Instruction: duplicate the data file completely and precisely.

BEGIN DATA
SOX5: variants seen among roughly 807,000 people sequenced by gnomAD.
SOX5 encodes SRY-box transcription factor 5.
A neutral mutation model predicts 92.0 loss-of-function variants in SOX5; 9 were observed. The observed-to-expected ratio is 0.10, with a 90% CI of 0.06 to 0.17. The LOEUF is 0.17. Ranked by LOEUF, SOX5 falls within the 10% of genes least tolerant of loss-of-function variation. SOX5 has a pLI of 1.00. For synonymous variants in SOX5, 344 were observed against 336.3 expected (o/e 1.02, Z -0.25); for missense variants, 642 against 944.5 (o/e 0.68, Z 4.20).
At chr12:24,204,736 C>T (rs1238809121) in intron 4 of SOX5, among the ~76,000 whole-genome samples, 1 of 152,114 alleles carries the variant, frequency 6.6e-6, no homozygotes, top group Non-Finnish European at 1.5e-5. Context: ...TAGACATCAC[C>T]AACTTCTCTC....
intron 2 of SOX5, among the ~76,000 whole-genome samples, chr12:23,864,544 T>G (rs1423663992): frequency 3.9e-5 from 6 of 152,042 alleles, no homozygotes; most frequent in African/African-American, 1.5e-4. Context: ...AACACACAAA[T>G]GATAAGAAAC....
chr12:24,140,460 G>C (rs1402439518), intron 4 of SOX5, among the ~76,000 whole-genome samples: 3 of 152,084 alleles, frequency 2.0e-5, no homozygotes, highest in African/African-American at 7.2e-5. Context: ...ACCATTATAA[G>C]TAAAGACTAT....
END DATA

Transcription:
SOX5: variants seen among roughly 807,000 people sequenced by gnomAD.
SOX5 encodes SRY-box transcription factor 5.
A neutral mutation model predicts 92.0 loss-of-function variants in SOX5; 9 were observed. The observed-to-expected ratio is 0.10, with a 90% CI of 0.06 to 0.17. The LOEUF is 0.17. Ranked by LOEUF, SOX5 falls within the 10% of genes least tolerant of loss-of-function variation. SOX5 has a pLI of 1.00. For synonymous variants in SOX5, 344 were observed against 336.3 expected (o/e 1.02, Z -0.25); for missense variants, 642 against 944.5 (o/e 0.68, Z 4.20).
At chr12:24,204,736 C>T (rs1238809121) in intron 4 of SOX5, among the ~76,000 whole-genome samples, 1 of 152,114 alleles carries the variant, frequency 6.6e-6, no homozygotes, top group Non-Finnish European at 1.5e-5. Context: ...TAGACATCAC[C>T]AACTTCTCTC....
intron 2 of SOX5, among the ~76,000 whole-genome samples, chr12:23,864,544 T>G (rs1423663992): frequency 3.9e-5 from 6 of 152,042 alleles, no homozygotes; most frequent in African/African-American, 1.5e-4. Context: ...AACACACAAA[T>G]GATAAGAAAC....
chr12:24,140,460 G>C (rs1402439518), intron 4 of SOX5, among the ~76,000 whole-genome samples: 3 of 152,084 alleles, frequency 2.0e-5, no homozygotes, highest in African/African-American at 7.2e-5. Context: ...ACCATTATAA[G>C]TAAAGACTAT....